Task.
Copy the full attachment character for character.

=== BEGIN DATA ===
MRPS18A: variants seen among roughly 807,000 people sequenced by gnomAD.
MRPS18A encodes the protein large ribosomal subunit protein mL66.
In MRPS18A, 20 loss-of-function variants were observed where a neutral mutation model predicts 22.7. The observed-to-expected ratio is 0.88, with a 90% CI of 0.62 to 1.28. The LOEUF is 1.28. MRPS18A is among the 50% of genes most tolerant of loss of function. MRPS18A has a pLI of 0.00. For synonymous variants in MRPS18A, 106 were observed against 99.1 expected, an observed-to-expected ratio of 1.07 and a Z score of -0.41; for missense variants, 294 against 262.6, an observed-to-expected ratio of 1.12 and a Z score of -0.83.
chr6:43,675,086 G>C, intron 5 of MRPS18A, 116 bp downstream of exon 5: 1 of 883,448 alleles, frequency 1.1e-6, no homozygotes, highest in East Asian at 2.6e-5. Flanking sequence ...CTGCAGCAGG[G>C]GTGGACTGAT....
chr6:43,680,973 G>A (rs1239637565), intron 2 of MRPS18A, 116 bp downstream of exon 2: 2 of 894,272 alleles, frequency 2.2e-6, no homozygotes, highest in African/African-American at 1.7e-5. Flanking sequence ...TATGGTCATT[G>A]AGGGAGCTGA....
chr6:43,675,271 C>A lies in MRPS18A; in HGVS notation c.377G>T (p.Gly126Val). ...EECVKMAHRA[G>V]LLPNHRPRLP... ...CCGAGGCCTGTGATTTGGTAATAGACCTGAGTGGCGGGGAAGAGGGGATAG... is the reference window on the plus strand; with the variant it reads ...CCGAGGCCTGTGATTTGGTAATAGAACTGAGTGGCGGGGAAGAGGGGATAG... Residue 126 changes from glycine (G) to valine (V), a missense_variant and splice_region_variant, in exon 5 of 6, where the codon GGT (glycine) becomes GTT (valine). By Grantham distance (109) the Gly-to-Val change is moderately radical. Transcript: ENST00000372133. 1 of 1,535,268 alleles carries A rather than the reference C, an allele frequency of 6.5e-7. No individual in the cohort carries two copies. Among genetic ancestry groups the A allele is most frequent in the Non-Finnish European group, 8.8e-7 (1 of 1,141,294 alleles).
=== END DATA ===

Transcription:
MRPS18A: variants seen among roughly 807,000 people sequenced by gnomAD.
MRPS18A encodes the protein large ribosomal subunit protein mL66.
In MRPS18A, 20 loss-of-function variants were observed where a neutral mutation model predicts 22.7. The observed-to-expected ratio is 0.88, with a 90% CI of 0.62 to 1.28. The LOEUF is 1.28. MRPS18A is among the 50% of genes most tolerant of loss of function. MRPS18A has a pLI of 0.00. For synonymous variants in MRPS18A, 106 were observed against 99.1 expected, an observed-to-expected ratio of 1.07 and a Z score of -0.41; for missense variants, 294 against 262.6, an observed-to-expected ratio of 1.12 and a Z score of -0.83.
chr6:43,675,086 G>C, intron 5 of MRPS18A, 116 bp downstream of exon 5: 1 of 883,448 alleles, frequency 1.1e-6, no homozygotes, highest in East Asian at 2.6e-5. Flanking sequence ...CTGCAGCAGG[G>C]GTGGACTGAT....
chr6:43,680,973 G>A (rs1239637565), intron 2 of MRPS18A, 116 bp downstream of exon 2: 2 of 894,272 alleles, frequency 2.2e-6, no homozygotes, highest in African/African-American at 1.7e-5. Flanking sequence ...TATGGTCATT[G>A]AGGGAGCTGA....
chr6:43,675,271 C>A lies in MRPS18A; in HGVS notation c.377G>T (p.Gly126Val). ...EECVKMAHRA[G>V]LLPNHRPRLP... ...CCGAGGCCTGTGATTTGGTAATAGACCTGAGTGGCGGGGAAGAGGGGATAG... is the reference window on the plus strand; with the variant it reads ...CCGAGGCCTGTGATTTGGTAATAGAACTGAGTGGCGGGGAAGAGGGGATAG... Residue 126 changes from glycine (G) to valine (V), a missense_variant and splice_region_variant, in exon 5 of 6, where the codon GGT (glycine) becomes GTT (valine). By Grantham distance (109) the Gly-to-Val change is moderately radical. Transcript: ENST00000372133. 1 of 1,535,268 alleles carries A rather than the reference C, an allele frequency of 6.5e-7. No individual in the cohort carries two copies. Among genetic ancestry groups the A allele is most frequent in the Non-Finnish European group, 8.8e-7 (1 of 1,141,294 alleles).